Sean McLoughlin: Kamikaze
One brilliant punchline after another in this worrying yet supreme hour
This article is from 2016.
It's only natural to occasionally worry about Sean McLoughlin when he's in full confessional mode. But the greater concern is why the comedy world hasn't got its act in gear and helped make this man far more recognised than he is at the moment. He plays here to a modest number, but the laughter runs free when it should be awkward and hesitant in such an intimate and unforgiving atmosphere. But the feeling in this room is of being in the presence of a stand-up who is in complete control of his material at possibly the same rate as he's losing his way in the outside world.
Claiming to have nothing to say in a festival whirlpool where everyone delivers a message, McLoughlin finds something positive in this year of the 'celebrity death'. Admittedly, it's an entirely selfish standpoint, but it all neatly ties in with his trajectory of belief that he's being left behind in a culture which promulgates image and surface over raw talent. His comedy friends (the more successful ones at any rate) get it square in the neck too, and all this would sound like a much more bitter trade were it not accompanied by one glittering punchline after another. This staggeringly high success rate serves the dual purpose of keeping the mood reasonably light and devastatingly proving his point.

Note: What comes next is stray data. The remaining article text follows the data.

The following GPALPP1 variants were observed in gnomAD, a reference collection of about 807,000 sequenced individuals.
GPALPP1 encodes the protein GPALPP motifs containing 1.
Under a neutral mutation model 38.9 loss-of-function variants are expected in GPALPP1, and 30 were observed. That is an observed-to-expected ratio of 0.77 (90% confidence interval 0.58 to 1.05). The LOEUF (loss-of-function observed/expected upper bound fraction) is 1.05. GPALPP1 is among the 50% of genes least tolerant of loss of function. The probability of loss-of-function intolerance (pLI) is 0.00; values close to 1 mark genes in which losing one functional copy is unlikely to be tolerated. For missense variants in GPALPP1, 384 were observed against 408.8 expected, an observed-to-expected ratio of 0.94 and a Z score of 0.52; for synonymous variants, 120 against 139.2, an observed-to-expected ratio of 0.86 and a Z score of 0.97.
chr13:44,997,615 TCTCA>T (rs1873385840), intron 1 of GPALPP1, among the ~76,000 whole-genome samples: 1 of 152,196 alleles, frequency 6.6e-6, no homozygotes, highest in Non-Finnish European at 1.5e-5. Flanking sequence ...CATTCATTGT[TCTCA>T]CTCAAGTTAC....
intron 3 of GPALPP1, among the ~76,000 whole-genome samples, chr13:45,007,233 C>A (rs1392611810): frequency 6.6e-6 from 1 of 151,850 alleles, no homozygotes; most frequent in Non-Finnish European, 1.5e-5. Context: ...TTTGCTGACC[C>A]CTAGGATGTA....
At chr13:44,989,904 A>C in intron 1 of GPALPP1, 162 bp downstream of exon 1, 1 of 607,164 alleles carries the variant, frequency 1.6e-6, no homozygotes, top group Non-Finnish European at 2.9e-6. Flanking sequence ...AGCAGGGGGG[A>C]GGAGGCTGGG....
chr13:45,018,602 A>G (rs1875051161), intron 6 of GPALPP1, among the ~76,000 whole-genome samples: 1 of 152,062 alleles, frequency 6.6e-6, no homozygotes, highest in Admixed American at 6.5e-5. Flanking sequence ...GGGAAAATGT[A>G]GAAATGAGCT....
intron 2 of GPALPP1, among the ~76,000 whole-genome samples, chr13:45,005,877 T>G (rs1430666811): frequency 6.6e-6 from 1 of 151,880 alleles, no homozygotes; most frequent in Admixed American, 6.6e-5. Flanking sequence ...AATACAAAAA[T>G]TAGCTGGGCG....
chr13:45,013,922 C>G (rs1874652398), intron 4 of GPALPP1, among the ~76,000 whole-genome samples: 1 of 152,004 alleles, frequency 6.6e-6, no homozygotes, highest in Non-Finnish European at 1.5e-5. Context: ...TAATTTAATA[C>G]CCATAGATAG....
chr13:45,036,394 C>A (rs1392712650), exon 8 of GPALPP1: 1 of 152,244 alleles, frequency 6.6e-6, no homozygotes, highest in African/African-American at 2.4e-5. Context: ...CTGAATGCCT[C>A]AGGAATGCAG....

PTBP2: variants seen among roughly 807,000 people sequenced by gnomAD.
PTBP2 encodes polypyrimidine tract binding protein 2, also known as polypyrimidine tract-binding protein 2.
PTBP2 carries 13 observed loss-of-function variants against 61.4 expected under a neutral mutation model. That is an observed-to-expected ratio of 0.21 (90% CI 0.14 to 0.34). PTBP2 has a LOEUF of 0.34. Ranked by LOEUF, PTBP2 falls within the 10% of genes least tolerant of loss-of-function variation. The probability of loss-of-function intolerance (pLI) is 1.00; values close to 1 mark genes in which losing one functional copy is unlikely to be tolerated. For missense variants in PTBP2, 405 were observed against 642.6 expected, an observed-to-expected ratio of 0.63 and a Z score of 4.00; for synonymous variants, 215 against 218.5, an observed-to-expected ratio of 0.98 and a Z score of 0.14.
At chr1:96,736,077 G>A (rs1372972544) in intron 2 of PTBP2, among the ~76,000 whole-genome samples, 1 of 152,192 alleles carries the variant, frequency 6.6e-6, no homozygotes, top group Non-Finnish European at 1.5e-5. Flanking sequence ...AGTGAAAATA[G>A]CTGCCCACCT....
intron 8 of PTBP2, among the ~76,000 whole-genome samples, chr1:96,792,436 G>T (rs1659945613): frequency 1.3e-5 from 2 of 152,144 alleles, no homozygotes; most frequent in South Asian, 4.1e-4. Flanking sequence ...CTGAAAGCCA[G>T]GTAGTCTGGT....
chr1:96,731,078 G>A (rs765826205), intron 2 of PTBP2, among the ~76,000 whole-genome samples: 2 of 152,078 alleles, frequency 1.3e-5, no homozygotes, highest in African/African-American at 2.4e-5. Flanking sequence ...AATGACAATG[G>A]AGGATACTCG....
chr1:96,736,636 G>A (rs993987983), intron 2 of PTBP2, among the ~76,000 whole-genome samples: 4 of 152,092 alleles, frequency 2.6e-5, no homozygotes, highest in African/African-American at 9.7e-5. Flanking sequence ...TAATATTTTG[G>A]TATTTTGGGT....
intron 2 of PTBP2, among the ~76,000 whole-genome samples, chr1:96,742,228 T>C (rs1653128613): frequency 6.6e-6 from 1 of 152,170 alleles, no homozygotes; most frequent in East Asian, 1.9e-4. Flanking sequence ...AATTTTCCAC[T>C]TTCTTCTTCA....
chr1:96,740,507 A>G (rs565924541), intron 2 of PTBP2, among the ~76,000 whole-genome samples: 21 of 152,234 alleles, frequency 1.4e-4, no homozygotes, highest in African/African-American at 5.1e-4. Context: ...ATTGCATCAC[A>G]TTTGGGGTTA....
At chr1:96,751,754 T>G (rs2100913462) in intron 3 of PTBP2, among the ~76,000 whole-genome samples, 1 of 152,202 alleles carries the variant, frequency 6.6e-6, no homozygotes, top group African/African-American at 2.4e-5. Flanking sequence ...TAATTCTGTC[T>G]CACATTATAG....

Only when he indulges in off-message banter with a man in the crowd who 'looks like God' and contributes chat about quantum mechanics and parallel universes does the show threaten to derail. But McLoughlin brings it all back with a flourish as he insists, in a gem of a routine, that he's directing his hate in the right direction.
Pleasance Courtyard, until 28 Aug, 8.30pm, £8.50–£9.50 (£8–£9).